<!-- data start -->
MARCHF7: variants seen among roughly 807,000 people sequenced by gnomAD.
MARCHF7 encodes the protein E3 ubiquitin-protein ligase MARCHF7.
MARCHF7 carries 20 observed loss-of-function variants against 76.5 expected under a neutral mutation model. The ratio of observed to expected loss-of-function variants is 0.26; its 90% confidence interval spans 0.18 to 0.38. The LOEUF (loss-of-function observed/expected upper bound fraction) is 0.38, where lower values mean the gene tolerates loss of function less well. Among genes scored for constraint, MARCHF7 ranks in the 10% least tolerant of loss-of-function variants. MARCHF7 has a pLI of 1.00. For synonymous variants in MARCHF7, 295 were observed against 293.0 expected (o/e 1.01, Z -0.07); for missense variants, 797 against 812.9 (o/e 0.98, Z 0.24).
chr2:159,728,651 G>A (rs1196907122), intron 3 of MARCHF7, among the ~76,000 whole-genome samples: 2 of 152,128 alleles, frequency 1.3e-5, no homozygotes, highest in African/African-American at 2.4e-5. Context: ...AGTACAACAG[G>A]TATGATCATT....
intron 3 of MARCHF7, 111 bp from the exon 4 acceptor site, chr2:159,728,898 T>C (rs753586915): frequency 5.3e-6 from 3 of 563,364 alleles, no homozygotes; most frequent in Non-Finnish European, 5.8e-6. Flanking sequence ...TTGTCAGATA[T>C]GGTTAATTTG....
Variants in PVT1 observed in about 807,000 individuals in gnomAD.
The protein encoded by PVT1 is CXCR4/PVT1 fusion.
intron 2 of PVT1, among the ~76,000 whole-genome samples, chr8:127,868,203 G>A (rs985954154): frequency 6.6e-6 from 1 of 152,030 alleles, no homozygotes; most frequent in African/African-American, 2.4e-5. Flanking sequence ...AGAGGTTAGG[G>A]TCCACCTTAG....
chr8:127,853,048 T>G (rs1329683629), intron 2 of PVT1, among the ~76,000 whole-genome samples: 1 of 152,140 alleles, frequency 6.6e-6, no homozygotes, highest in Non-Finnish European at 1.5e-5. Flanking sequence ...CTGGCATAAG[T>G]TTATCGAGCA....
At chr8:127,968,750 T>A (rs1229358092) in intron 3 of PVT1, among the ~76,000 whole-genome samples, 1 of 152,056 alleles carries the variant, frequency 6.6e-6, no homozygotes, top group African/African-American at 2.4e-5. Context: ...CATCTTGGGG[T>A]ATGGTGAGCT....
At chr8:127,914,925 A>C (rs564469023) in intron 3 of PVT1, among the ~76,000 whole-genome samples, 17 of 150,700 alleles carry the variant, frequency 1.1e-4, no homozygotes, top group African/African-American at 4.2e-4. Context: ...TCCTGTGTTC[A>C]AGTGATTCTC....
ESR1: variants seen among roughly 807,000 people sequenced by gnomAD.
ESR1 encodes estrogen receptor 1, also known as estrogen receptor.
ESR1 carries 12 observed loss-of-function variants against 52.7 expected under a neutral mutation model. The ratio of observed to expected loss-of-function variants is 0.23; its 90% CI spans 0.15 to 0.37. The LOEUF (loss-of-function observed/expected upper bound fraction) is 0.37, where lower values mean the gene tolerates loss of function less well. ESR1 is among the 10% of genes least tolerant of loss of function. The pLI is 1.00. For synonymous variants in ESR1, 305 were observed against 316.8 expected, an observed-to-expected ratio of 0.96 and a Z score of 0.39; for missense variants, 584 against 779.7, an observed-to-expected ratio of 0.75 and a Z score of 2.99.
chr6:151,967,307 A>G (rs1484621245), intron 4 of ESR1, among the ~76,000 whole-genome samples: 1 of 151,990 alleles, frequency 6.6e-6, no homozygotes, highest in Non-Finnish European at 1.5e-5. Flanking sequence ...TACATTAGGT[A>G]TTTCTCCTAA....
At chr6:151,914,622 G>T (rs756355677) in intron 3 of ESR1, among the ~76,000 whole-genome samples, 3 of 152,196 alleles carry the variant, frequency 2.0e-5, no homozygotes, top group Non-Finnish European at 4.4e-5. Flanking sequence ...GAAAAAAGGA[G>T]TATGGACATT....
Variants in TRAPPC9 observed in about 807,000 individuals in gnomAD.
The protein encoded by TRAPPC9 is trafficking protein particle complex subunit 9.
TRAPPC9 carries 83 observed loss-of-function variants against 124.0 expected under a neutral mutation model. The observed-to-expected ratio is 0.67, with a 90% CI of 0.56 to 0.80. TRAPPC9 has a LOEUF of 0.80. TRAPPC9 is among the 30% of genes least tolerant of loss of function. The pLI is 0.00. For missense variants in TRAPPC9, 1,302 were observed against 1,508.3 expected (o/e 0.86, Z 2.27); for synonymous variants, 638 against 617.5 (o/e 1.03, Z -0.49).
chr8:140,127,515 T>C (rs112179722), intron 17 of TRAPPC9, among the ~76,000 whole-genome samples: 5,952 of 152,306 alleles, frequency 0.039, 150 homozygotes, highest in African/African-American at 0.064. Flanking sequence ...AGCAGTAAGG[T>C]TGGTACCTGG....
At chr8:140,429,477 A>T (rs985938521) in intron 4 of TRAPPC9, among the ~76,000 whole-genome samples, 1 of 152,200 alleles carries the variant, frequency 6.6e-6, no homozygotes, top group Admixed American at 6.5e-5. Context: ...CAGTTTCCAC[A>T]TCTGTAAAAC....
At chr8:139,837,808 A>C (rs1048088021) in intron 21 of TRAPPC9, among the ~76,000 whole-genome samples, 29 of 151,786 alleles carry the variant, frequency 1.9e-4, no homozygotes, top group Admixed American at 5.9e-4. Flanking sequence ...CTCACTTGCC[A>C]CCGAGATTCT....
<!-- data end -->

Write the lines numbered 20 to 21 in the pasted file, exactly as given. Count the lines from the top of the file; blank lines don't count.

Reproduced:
chr8:140,127,515 T>C (rs112179722), intron 17 of TRAPPC9, among the ~76,000 whole-genome samples: 5,952 of 152,306 alleles, frequency 0.039, 150 homozygotes, highest in African/African-American at 0.064. Flanking sequence ...AGCAGTAAGG[T>C]TGGTACCTGG....
At chr8:140,429,477 A>T (rs985938521) in intron 4 of TRAPPC9, among the ~76,000 whole-genome samples, 1 of 152,200 alleles carries the variant, frequency 6.6e-6, no homozygotes, top group Admixed American at 6.5e-5. Context: ...CAGTTTCCAC[A>T]TCTGTAAAAC....